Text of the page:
argument, cosmological

argument, cosmological
   The cosmological argument argues for the existence of God from the starting point of the existence of the cosmos (or, in van Inwagen's formulation, the possibility of the existence of the cosmos). The argument typically proceeds by way of the principle of sufficient reason, which states that everything contingent needs an explanation. Since the universe is contingent, it too needs an explanation. If we find its explanation in something else contingent then we can just ask what the explanation for the contingent whole composed of the universe plus its explanation is. Since, so the argument goes, there cannot be an infinite sequence of explanations, all explanation must find its end and culmination in the existence of a necessary being, God. One particular version of the cosmological argument, known as 'the kalām cosmological argument', argues specifically for the proposition that the world must have had a beginning and, therefore, a cause, on the grounds that it is not possible that an infinite amount of time should have elapsed. Critics have replied that the assumptions made in the various forms of the cosmological argument are not obviously correct, and, in any case, the argument does not establish any other interesting properties possessed by the necessary being.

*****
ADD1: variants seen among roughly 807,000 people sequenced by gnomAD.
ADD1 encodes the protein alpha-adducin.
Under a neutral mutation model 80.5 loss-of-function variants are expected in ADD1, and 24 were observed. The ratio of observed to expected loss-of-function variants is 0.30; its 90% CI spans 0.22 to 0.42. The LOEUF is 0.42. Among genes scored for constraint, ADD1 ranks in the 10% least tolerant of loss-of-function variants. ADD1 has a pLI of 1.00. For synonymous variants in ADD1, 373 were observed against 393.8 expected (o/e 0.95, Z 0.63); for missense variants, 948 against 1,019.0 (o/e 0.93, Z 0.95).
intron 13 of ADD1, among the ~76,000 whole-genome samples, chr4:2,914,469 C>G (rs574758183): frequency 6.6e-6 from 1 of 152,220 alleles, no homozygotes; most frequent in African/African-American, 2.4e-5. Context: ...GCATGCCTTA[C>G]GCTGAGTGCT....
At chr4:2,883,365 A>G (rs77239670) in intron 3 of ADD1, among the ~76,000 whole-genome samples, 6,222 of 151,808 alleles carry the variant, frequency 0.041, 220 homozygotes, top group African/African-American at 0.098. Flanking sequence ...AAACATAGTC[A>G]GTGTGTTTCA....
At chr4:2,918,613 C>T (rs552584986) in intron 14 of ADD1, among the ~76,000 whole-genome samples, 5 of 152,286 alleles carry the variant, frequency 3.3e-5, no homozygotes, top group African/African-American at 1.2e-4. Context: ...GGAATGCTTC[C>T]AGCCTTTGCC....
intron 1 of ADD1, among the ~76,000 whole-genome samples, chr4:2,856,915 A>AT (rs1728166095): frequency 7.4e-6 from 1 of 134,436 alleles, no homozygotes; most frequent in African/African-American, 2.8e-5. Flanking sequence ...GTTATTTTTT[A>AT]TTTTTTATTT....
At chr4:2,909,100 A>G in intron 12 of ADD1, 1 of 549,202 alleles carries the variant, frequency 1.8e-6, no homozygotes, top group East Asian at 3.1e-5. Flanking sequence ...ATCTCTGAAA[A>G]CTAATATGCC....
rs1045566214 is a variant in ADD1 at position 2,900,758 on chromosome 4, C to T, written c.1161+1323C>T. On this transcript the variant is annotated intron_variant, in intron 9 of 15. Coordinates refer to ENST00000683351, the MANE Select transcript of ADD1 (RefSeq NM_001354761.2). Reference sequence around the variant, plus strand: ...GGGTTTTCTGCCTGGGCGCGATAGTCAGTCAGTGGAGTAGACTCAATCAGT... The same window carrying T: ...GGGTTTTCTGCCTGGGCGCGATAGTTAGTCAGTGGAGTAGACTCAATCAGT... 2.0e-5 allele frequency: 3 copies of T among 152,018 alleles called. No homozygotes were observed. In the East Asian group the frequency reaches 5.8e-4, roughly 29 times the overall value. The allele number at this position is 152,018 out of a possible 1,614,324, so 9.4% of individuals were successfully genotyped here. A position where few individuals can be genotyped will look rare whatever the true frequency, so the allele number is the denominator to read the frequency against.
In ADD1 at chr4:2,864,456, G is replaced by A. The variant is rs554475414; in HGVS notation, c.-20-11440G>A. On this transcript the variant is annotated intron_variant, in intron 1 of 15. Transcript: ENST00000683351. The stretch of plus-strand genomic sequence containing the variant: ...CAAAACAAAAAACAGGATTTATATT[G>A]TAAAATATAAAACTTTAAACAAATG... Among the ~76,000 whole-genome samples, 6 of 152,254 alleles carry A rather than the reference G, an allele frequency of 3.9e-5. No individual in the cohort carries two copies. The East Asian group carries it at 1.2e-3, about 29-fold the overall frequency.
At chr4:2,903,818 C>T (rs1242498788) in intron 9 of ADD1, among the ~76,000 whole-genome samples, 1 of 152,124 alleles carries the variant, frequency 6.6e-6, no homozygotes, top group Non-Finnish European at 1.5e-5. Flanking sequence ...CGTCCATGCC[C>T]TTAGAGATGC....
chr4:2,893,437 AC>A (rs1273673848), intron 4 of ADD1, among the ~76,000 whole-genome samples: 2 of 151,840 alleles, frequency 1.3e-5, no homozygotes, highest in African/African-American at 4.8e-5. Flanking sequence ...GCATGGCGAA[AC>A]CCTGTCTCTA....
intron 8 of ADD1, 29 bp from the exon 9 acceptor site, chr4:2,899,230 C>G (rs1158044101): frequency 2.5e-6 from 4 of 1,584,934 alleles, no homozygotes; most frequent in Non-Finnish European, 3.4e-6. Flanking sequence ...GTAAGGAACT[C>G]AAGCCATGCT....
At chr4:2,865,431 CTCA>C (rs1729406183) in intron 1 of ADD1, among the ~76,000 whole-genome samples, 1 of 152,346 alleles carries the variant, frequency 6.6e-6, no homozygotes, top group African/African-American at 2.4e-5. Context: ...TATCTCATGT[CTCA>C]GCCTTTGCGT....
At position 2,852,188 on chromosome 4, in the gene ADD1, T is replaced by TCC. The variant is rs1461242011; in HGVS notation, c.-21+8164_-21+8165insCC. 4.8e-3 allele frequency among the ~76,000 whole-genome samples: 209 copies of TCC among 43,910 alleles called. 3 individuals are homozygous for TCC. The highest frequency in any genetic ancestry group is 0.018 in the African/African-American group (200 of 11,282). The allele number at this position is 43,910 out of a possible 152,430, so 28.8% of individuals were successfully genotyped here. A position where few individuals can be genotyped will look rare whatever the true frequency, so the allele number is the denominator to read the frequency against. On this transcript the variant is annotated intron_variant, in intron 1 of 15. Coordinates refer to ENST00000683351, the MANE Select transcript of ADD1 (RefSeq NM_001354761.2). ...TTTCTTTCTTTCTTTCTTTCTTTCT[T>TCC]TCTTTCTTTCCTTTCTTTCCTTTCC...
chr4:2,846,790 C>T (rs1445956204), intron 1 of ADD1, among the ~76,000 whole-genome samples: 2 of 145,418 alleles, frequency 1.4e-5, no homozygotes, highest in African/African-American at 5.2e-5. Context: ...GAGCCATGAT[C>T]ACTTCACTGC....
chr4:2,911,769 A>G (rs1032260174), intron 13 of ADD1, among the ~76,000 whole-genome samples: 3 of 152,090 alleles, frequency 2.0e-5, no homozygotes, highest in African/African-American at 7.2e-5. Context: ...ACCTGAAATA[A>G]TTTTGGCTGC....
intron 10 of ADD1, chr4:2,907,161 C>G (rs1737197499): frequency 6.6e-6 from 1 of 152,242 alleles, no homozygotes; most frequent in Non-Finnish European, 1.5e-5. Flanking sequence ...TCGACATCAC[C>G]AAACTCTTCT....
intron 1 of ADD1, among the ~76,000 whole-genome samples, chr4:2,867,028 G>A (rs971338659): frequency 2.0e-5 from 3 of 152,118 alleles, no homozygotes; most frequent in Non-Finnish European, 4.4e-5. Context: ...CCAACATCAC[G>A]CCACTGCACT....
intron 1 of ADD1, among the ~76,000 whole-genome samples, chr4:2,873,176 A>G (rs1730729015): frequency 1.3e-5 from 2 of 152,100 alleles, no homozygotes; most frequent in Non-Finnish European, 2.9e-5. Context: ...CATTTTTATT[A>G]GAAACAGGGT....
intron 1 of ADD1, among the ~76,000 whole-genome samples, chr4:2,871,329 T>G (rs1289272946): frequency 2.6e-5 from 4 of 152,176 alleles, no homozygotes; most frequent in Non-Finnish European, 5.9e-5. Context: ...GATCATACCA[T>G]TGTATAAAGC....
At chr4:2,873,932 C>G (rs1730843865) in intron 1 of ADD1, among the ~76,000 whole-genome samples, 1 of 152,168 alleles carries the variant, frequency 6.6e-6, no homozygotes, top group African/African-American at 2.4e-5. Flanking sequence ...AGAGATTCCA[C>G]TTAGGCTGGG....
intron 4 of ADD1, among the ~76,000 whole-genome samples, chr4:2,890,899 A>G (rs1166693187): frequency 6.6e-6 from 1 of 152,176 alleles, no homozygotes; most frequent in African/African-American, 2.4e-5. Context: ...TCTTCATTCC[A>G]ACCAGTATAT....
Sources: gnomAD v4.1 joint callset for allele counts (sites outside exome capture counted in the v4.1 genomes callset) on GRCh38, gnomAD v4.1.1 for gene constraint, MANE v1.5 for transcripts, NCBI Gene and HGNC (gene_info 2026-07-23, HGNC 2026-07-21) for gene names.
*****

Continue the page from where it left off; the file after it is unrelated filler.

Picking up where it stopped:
Further reading: Craig 1979 and 1980; Rowe 1975; van Inwagen 2002

Christian Philosophy . . 2015.

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